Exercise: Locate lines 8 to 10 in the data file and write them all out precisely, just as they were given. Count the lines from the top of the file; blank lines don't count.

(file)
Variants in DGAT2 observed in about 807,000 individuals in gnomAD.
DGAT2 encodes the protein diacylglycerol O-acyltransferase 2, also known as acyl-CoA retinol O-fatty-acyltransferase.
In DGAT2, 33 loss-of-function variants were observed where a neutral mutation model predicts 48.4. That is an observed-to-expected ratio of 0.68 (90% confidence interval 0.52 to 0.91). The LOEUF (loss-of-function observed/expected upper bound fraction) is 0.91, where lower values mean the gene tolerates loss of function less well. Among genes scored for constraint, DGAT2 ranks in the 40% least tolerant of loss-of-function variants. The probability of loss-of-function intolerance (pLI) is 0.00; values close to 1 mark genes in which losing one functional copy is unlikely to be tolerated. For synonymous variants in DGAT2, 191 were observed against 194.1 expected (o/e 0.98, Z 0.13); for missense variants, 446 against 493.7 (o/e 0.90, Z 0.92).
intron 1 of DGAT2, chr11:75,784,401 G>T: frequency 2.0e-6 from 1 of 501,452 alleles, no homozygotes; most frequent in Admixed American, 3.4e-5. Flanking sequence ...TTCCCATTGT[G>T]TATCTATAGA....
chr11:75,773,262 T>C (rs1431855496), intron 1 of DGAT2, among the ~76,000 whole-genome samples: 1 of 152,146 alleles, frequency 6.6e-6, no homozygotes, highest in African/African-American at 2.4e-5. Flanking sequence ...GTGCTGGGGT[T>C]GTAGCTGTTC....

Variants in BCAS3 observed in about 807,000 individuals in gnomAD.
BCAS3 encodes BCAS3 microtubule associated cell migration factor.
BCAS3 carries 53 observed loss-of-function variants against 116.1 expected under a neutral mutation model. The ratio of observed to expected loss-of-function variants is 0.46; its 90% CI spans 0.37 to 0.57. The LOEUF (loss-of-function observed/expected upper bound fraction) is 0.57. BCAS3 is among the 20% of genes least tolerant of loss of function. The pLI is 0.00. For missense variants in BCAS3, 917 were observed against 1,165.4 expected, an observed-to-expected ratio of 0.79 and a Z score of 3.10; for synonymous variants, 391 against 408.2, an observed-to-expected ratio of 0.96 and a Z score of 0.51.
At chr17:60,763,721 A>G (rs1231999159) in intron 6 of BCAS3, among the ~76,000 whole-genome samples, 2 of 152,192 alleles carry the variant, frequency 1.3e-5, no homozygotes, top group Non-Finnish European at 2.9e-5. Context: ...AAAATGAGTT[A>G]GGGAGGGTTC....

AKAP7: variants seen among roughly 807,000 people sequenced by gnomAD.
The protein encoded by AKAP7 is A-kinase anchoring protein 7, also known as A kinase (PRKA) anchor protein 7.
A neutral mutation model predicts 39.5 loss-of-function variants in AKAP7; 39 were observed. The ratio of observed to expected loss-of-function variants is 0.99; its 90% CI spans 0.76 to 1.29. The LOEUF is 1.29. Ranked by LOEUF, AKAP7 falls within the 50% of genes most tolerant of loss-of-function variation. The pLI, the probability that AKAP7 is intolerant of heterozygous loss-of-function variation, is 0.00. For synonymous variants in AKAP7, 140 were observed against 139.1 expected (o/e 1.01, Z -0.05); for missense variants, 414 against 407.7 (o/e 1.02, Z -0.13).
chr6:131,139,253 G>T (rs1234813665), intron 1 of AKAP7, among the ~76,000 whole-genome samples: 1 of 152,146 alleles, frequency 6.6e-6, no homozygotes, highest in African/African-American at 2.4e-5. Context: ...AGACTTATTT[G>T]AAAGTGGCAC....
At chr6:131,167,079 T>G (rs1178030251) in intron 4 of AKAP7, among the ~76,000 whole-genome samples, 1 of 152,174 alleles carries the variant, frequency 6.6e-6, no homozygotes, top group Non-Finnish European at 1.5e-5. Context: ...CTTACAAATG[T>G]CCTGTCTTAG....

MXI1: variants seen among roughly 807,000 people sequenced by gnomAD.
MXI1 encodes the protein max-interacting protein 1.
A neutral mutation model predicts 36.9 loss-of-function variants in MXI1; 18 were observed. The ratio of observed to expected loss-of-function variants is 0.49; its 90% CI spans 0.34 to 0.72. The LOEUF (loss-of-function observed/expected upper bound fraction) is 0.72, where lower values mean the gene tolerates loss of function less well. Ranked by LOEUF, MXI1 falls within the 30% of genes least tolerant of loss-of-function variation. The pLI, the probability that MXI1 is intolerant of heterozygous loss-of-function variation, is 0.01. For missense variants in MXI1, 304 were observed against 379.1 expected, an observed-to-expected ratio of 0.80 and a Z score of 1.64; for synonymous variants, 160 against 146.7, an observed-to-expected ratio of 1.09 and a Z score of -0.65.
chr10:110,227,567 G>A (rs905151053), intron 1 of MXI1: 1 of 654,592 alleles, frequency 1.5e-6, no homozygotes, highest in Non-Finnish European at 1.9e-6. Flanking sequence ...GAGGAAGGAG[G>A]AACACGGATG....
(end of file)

BCAS3 carries 53 observed loss-of-function variants against 116.1 expected under a neutral mutation model. The ratio of observed to expected loss-of-function variants is 0.46; its 90% CI spans 0.37 to 0.57. The LOEUF (loss-of-function observed/expected upper bound fraction) is 0.57. BCAS3 is among the 20% of genes least tolerant of loss of function. The pLI is 0.00. For missense variants in BCAS3, 917 were observed against 1,165.4 expected, an observed-to-expected ratio of 0.79 and a Z score of 3.10; for synonymous variants, 391 against 408.2, an observed-to-expected ratio of 0.96 and a Z score of 0.51.
At chr17:60,763,721 A>G (rs1231999159) in intron 6 of BCAS3, among the ~76,000 whole-genome samples, 2 of 152,192 alleles carry the variant, frequency 1.3e-5, no homozygotes, top group Non-Finnish European at 2.9e-5. Context: ...AAAATGAGTT[A>G]GGGAGGGTTC....

AKAP7: variants seen among roughly 807,000 people sequenced by gnomAD.